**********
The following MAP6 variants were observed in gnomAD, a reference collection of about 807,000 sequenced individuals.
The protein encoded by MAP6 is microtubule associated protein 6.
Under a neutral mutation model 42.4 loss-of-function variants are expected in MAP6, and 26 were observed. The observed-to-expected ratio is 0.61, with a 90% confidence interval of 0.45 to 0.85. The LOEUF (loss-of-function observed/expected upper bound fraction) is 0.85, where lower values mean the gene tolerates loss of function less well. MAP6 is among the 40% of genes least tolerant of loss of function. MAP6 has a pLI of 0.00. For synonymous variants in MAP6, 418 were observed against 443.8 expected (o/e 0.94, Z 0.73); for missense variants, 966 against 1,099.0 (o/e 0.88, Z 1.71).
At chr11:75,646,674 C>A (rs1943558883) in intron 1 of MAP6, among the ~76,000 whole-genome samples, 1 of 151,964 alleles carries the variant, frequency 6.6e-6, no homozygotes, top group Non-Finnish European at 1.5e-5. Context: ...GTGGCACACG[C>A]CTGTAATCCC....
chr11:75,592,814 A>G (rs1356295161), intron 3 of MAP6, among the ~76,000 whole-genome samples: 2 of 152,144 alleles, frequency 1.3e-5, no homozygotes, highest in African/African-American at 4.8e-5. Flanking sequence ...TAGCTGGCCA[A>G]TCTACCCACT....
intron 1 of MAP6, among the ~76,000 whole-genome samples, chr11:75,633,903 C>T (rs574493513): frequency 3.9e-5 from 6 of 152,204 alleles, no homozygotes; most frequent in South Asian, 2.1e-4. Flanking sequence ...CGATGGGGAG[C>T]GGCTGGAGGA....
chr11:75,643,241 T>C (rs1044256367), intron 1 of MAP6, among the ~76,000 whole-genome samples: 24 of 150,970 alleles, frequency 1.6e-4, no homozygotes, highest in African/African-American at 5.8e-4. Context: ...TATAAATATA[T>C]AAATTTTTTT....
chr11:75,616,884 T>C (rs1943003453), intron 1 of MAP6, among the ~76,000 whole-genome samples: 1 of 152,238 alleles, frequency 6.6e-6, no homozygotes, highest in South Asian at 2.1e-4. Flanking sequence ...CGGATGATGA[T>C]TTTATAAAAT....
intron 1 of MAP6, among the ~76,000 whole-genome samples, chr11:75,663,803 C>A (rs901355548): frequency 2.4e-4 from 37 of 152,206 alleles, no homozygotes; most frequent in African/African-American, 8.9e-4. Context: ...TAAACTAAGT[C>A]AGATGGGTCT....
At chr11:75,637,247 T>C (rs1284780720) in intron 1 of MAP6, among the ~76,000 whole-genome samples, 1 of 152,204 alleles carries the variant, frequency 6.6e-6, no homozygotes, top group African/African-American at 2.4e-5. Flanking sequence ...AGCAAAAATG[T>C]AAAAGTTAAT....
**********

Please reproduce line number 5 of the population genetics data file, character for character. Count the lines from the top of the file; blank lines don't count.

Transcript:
chr11:75,592,814 A>G (rs1356295161), intron 3 of MAP6, among the ~76,000 whole-genome samples: 2 of 152,144 alleles, frequency 1.3e-5, no homozygotes, highest in African/African-American at 4.8e-5. Flanking sequence ...TAGCTGGCCA[A>G]TCTACCCACT....